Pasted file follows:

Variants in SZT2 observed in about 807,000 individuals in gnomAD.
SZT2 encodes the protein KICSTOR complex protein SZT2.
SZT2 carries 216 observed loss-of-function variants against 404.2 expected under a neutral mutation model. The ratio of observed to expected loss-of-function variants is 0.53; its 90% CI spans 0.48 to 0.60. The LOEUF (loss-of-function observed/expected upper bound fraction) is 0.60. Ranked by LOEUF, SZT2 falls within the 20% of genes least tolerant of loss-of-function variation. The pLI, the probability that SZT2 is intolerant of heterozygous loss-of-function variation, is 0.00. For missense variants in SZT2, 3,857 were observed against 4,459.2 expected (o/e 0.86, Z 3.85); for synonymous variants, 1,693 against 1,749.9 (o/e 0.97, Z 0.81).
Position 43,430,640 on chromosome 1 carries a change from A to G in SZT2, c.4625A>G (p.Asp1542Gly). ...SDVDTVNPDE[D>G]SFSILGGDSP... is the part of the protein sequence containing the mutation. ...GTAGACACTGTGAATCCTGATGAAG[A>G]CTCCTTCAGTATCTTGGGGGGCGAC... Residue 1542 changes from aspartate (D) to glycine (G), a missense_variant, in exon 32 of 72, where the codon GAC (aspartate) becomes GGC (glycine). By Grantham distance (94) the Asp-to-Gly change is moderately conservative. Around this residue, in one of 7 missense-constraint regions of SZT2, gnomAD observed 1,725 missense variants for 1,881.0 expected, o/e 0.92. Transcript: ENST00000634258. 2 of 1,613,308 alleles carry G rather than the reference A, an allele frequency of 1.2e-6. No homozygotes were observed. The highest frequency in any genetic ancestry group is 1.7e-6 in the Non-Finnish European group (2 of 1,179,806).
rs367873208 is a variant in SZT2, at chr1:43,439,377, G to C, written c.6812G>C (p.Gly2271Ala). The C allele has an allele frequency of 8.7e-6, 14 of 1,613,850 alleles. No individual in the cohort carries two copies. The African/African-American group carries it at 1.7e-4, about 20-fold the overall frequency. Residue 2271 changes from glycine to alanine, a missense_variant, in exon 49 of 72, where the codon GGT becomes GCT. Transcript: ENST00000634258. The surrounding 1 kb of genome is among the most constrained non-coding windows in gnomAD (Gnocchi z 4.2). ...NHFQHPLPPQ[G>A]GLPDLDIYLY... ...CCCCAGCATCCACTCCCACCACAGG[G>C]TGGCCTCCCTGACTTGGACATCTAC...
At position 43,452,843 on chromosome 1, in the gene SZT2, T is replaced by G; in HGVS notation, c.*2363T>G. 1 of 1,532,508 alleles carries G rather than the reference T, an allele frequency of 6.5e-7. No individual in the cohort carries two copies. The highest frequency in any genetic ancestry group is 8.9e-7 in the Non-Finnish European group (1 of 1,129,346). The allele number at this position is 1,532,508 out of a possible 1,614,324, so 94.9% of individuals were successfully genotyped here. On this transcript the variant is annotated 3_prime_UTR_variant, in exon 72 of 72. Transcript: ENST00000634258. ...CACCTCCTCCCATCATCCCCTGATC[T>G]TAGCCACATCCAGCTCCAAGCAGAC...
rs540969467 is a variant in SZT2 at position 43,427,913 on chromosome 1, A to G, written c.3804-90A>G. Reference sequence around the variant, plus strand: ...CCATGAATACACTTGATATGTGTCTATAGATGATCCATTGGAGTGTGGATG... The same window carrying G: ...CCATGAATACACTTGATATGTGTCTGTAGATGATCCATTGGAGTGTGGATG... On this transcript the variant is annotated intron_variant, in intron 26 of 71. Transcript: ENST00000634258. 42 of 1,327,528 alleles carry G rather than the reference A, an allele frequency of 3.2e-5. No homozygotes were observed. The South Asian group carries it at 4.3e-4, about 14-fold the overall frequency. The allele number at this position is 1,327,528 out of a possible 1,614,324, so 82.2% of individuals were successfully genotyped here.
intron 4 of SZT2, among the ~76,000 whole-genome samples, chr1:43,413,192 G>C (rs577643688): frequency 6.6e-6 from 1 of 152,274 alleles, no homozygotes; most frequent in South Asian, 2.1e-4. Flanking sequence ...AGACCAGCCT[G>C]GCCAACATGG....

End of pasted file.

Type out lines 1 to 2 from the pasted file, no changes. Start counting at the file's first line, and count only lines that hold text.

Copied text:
Variants in SZT2 observed in about 807,000 individuals in gnomAD.
SZT2 encodes the protein KICSTOR complex protein SZT2.